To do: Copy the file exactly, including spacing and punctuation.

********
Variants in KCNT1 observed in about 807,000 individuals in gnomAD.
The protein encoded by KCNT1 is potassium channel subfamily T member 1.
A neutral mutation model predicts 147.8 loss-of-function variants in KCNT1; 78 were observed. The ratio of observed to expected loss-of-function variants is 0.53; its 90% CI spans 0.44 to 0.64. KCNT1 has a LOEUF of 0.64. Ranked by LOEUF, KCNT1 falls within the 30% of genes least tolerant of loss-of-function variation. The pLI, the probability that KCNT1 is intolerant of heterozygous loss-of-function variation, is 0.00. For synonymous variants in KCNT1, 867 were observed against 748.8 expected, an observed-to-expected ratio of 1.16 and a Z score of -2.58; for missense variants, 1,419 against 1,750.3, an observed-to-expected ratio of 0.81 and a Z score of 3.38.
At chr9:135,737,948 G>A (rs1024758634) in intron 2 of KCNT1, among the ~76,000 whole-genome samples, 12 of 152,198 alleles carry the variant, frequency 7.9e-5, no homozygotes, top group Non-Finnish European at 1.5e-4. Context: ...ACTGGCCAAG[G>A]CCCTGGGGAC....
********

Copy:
Variants in KCNT1 observed in about 807,000 individuals in gnomAD.
The protein encoded by KCNT1 is potassium channel subfamily T member 1.
A neutral mutation model predicts 147.8 loss-of-function variants in KCNT1; 78 were observed. The ratio of observed to expected loss-of-function variants is 0.53; its 90% CI spans 0.44 to 0.64. KCNT1 has a LOEUF of 0.64. Ranked by LOEUF, KCNT1 falls within the 30% of genes least tolerant of loss-of-function variation. The pLI, the probability that KCNT1 is intolerant of heterozygous loss-of-function variation, is 0.00. For synonymous variants in KCNT1, 867 were observed against 748.8 expected, an observed-to-expected ratio of 1.16 and a Z score of -2.58; for missense variants, 1,419 against 1,750.3, an observed-to-expected ratio of 0.81 and a Z score of 3.38.
At chr9:135,737,948 G>A (rs1024758634) in intron 2 of KCNT1, among the ~76,000 whole-genome samples, 12 of 152,198 alleles carry the variant, frequency 7.9e-5, no homozygotes, top group Non-Finnish European at 1.5e-4. Context: ...ACTGGCCAAG[G>A]CCCTGGGGAC....